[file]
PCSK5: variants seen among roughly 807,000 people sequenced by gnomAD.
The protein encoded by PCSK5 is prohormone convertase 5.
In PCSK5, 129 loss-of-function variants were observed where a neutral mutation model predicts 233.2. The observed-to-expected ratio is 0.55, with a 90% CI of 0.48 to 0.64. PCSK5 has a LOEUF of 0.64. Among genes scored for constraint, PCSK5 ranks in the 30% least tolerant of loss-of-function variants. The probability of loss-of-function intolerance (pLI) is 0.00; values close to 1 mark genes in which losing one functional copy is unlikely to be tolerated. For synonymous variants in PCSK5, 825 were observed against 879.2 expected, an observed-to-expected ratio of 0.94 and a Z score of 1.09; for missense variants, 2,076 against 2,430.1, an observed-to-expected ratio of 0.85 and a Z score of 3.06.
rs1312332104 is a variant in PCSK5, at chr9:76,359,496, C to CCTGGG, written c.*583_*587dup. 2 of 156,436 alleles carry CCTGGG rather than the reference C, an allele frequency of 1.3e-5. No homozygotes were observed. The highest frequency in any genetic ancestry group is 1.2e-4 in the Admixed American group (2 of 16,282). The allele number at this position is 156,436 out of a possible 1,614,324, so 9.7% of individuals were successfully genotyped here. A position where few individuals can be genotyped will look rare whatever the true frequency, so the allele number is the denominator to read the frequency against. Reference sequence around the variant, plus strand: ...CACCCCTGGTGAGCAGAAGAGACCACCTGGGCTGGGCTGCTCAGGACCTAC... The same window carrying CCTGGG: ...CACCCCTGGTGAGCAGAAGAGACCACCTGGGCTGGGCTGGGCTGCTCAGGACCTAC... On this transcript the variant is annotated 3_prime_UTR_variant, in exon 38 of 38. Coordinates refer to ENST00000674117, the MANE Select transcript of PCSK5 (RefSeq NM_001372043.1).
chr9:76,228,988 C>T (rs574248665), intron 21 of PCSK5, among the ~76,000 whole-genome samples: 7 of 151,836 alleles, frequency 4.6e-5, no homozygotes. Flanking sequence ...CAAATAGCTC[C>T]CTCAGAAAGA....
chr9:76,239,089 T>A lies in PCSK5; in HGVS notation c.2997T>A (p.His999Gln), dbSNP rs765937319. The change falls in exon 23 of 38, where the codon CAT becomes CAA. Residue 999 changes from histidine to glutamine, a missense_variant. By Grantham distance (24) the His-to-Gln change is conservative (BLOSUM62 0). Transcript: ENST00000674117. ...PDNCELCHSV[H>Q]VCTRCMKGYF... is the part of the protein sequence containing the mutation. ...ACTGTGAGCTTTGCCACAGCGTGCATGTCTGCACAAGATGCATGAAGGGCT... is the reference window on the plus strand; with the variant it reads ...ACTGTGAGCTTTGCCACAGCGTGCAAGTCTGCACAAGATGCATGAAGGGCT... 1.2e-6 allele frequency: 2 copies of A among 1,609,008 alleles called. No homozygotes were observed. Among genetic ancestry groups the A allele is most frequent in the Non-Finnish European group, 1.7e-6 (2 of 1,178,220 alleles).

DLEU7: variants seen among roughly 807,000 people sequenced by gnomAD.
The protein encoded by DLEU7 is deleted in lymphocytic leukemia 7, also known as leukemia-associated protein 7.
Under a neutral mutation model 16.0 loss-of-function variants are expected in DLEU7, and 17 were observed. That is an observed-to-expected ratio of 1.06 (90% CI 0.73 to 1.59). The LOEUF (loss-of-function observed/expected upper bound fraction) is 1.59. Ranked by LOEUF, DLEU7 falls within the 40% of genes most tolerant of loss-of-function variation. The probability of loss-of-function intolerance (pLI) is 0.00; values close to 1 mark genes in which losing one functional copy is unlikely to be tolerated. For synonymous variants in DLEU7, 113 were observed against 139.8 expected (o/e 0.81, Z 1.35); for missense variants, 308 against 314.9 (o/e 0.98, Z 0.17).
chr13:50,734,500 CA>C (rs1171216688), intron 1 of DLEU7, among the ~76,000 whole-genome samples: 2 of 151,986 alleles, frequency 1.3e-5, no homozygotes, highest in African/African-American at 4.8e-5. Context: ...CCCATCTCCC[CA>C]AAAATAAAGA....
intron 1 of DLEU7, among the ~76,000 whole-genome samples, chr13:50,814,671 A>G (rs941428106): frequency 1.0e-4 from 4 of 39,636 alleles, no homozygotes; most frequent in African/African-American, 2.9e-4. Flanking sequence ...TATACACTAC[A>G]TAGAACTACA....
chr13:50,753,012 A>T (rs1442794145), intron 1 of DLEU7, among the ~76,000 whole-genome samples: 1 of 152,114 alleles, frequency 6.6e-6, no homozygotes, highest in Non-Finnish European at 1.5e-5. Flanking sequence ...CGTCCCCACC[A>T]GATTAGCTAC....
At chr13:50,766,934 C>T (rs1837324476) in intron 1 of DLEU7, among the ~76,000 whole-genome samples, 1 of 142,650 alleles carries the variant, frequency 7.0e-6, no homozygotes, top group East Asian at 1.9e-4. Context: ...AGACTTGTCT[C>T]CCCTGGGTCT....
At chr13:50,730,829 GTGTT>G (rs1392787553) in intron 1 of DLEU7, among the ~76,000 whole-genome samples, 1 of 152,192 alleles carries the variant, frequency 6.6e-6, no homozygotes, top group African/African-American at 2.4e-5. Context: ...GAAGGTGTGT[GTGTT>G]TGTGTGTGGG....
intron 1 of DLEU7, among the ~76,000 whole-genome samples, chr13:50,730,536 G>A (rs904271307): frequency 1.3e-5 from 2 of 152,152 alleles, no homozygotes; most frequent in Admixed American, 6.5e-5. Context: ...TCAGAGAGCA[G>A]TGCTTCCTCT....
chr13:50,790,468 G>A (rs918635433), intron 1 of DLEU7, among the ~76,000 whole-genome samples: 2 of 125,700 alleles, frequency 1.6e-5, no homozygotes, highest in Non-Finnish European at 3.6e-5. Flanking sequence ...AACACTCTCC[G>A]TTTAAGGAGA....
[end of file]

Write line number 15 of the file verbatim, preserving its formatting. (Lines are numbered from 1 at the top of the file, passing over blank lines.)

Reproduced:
intron 1 of DLEU7, among the ~76,000 whole-genome samples, chr13:50,730,536 G>A (rs904271307): frequency 1.3e-5 from 2 of 152,152 alleles, no homozygotes; most frequent in Admixed American, 6.5e-5. Context: ...TCAGAGAGCA[G>A]TGCTTCCTCT....